If we don't count Bismarck, the Reich chancellor who was always his own foreign policy man, Hans-Dietrich Genscher is good for at least two superlatives. With 18 years at the helm of the Foreign Ministry, he was the longest-serving German foreign minister of all time. And he was probably the smartest of them all-more intelligent than the Kaiser's minions Holstein and Bulow, Hitler's diplomatic hustler Ribbentrop, or the men who came before and after him in the Bonn republic.
Was Genscher also the greatest? No, that accolade must go to Gustav Stresemann, the foreign minister of the Weimar Republic. Within three years, from 1923 to 1926, this brilliant manipulator had turned Germany the pariah into the road master of European diplomacy. He got the French occupiers out of the Rhineland, and he separated them from their wartime British allies. He wheedled the Dawes Plan out of the Americans, which lightened a crushing reparations burden and also helped distance the United States from the vengeful French. While securing Germany's western borders through the Locarno Pact, he set up a revisionist game in the East. Finally, he drew Soviet Russia into the German orbit: in the Treaty of Berlin, each country undertook not to join in Western combinations against the other. By 1926, Stresemann had vastly improved the strategic position of the Reich. For he had broken the encirclement by France, Russia, and Britain that had proved the Kaiser's downfall.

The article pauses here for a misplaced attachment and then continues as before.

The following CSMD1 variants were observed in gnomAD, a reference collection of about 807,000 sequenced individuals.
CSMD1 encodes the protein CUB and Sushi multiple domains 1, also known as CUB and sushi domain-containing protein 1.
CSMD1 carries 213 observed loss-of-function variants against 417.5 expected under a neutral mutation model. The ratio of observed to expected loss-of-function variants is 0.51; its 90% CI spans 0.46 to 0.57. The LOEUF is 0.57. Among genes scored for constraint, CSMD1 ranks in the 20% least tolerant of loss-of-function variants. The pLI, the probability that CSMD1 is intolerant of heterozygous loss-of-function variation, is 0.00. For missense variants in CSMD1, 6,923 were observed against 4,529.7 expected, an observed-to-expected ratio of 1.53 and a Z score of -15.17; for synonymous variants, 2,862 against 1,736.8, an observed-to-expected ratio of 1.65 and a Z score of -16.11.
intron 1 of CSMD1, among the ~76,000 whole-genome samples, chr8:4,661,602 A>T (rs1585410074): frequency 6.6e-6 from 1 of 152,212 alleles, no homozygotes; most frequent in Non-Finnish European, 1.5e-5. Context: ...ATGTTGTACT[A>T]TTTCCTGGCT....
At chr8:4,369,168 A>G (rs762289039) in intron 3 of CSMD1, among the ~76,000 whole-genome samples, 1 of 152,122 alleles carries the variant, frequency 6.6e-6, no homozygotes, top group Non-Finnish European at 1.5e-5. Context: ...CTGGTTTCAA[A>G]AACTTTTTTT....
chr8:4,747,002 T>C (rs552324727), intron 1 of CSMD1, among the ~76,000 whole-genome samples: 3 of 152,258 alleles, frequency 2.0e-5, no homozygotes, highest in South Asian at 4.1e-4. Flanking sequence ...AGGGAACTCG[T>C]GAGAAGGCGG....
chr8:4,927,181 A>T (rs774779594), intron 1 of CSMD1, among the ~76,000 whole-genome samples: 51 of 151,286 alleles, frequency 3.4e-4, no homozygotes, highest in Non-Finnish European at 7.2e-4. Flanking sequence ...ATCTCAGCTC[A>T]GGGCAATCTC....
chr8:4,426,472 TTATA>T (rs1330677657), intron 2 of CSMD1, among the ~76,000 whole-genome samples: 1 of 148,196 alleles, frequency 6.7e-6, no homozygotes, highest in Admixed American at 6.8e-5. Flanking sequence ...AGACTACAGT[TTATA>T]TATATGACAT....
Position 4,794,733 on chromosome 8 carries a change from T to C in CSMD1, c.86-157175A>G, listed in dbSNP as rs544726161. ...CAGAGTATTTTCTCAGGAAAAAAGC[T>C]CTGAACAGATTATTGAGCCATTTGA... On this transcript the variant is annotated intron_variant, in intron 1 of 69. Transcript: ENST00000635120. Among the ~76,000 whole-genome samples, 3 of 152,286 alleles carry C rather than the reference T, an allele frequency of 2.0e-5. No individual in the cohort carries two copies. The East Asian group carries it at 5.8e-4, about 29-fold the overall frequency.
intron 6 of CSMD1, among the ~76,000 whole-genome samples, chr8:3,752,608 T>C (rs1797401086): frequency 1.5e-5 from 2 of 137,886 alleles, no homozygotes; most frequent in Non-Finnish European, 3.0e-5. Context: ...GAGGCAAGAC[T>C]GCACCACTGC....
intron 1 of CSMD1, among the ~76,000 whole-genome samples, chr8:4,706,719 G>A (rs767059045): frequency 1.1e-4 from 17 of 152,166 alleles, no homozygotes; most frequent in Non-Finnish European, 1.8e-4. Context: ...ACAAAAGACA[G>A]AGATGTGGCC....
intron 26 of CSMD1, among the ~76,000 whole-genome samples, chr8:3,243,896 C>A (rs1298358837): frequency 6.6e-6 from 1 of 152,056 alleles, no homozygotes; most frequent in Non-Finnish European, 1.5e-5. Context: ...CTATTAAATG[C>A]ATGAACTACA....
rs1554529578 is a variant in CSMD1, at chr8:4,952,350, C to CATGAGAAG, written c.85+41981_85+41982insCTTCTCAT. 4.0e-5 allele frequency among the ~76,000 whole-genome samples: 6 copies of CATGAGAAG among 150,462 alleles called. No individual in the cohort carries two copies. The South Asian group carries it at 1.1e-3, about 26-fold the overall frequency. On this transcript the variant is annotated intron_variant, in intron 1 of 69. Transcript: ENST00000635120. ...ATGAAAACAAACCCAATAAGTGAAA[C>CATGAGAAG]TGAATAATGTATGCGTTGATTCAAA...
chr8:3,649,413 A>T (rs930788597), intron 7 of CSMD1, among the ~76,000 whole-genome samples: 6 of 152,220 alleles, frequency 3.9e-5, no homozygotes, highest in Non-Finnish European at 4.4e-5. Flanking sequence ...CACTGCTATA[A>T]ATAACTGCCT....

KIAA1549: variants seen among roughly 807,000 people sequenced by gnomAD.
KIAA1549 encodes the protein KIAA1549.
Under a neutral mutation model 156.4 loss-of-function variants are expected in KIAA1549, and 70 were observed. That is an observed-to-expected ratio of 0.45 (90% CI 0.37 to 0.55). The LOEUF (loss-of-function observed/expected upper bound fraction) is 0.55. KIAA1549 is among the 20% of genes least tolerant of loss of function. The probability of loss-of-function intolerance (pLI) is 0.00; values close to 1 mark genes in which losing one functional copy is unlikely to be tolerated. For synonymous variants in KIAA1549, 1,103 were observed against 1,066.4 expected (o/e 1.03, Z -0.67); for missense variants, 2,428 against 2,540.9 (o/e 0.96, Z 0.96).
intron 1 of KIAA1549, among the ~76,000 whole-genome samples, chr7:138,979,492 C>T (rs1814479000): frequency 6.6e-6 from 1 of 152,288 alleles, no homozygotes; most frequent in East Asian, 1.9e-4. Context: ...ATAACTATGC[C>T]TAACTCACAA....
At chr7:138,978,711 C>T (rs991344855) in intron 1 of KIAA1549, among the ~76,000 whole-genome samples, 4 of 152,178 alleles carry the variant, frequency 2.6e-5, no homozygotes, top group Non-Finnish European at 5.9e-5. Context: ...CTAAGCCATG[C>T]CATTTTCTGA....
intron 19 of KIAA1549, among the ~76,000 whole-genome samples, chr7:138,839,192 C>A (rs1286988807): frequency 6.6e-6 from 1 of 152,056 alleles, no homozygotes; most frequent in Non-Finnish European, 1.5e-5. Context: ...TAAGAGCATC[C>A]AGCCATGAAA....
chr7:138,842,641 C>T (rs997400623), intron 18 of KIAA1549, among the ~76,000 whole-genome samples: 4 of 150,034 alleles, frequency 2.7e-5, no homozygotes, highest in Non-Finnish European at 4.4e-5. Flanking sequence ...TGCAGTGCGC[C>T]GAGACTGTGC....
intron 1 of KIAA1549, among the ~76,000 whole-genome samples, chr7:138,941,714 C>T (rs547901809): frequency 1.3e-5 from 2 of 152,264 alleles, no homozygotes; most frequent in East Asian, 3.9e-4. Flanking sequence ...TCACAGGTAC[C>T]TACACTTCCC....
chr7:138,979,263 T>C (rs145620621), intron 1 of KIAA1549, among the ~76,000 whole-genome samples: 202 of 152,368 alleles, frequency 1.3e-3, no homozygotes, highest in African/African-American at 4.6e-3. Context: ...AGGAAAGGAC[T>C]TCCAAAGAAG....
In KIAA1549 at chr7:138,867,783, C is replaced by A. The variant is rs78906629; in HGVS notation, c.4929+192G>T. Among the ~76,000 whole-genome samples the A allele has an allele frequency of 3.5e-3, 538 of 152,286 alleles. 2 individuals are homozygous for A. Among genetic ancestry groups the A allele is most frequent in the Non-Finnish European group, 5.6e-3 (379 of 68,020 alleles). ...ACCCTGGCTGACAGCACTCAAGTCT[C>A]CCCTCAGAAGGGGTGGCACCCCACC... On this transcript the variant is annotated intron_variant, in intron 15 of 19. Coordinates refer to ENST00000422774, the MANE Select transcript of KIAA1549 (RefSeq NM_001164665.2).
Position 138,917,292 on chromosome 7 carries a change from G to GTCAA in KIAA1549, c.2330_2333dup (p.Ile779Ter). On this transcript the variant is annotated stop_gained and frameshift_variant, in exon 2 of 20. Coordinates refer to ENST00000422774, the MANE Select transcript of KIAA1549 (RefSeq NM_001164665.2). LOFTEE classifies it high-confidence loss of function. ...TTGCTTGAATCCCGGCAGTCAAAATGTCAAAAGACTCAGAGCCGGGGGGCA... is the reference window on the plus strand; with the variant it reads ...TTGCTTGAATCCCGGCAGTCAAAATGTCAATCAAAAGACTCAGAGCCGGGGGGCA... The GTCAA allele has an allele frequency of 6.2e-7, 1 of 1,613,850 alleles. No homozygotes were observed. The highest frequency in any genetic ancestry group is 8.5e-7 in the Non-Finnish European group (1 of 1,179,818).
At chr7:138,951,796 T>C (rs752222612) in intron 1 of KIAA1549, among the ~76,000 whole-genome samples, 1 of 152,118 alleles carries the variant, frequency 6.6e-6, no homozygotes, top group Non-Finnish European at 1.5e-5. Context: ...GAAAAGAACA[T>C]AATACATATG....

Stresemann was the master strategist, but Genscher was the master tactician-so much so that Richard Burt, the U.S. ambassador in the early 1980s, would end up calling him a "slippery man." The compliment was hardly misplaced, for Genscher was indeed hard to pin down. What did he want, and where did he want to take his country? From his rhetoric, it was usually impossible to tell.
He loved to wrap himself in the fog of bienpensant oratory. Genscher, the diplomat's diplomat, was an exemplar of political correctness before PC was even a gleam in a deconstructionist's
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